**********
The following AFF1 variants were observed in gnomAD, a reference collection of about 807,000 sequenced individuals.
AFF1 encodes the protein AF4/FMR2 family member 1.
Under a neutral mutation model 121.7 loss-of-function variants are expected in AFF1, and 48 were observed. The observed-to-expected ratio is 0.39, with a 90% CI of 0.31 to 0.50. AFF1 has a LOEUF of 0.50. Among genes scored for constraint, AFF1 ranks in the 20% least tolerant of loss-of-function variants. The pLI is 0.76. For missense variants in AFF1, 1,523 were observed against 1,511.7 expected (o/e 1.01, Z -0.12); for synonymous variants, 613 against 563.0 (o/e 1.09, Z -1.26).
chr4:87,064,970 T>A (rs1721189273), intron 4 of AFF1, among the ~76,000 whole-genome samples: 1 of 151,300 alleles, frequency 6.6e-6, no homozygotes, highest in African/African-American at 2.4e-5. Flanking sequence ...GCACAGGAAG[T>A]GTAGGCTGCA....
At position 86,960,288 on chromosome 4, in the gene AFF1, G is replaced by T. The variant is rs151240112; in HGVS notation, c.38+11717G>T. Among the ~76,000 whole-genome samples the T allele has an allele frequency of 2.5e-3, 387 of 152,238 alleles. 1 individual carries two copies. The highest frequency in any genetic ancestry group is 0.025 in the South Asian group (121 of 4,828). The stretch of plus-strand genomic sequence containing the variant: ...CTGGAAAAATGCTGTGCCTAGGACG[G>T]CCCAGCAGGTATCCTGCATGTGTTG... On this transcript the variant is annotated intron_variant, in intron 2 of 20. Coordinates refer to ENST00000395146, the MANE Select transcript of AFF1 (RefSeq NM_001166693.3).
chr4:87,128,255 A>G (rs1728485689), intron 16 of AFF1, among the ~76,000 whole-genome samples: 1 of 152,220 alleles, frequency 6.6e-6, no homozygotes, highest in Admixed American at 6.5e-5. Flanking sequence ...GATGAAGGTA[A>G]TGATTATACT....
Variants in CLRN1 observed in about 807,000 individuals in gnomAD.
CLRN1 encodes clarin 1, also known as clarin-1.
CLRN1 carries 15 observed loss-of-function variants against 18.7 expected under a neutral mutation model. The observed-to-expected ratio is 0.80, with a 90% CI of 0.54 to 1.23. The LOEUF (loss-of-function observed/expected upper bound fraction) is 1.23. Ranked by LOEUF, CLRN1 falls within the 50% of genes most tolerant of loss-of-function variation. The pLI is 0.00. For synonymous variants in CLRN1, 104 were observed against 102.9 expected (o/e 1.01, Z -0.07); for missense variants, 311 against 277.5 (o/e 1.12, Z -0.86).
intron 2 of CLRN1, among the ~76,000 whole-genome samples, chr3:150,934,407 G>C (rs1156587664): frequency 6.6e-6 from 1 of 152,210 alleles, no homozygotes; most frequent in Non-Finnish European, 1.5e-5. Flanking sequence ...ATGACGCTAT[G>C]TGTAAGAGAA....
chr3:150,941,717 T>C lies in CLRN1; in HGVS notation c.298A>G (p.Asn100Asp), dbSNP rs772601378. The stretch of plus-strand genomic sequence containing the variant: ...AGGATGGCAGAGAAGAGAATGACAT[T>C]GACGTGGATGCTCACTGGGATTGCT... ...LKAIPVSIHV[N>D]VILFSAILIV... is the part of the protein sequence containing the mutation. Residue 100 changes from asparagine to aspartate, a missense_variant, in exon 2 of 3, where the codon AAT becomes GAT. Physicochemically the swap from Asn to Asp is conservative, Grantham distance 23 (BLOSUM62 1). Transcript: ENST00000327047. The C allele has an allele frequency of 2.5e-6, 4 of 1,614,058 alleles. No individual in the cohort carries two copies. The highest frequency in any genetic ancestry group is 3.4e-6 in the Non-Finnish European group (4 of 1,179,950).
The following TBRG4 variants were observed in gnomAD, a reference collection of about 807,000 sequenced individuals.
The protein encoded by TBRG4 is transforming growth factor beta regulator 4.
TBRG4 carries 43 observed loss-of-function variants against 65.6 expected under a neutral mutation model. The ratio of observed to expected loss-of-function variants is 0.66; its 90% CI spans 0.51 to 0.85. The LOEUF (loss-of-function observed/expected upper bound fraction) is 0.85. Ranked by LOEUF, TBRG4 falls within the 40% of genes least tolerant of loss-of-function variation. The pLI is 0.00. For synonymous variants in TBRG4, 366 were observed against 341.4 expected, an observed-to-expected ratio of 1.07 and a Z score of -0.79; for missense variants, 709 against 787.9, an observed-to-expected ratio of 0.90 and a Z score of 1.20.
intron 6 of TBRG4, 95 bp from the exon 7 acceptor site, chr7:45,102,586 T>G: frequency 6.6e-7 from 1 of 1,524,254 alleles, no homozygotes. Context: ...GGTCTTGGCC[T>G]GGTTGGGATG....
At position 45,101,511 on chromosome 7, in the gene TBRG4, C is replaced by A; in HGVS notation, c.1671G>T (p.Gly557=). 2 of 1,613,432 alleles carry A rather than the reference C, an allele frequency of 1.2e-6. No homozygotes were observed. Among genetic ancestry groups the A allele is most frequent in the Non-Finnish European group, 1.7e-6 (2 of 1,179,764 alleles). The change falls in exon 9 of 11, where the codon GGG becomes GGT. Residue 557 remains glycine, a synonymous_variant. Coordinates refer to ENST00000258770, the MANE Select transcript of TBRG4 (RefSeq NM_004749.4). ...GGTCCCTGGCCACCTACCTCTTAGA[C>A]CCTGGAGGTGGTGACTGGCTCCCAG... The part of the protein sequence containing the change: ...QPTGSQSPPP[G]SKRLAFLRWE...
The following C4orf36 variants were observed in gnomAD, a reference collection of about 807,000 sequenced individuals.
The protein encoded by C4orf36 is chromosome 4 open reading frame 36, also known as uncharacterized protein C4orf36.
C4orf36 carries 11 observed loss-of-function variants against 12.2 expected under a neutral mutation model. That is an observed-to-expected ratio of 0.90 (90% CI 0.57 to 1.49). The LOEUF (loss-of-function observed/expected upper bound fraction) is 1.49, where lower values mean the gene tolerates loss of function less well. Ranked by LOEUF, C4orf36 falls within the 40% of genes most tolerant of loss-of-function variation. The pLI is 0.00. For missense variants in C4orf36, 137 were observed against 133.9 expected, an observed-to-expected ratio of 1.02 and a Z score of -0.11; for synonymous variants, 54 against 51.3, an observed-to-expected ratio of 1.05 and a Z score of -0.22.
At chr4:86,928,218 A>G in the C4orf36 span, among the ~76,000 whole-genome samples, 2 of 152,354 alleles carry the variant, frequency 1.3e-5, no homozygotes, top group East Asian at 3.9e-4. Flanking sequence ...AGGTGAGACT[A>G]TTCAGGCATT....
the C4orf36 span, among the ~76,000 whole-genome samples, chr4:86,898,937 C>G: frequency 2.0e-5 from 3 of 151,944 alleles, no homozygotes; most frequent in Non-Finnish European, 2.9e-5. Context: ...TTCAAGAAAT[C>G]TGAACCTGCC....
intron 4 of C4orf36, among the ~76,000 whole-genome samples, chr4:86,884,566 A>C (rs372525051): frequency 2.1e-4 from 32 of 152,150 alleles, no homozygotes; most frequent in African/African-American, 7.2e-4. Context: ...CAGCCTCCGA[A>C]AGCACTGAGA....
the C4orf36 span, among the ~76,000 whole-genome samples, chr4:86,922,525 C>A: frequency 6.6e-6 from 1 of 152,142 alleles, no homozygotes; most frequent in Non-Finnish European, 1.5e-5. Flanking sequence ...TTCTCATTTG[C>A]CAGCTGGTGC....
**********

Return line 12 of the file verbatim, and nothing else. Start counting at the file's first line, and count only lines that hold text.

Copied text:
The following TBRG4 variants were observed in gnomAD, a reference collection of about 807,000 sequenced individuals.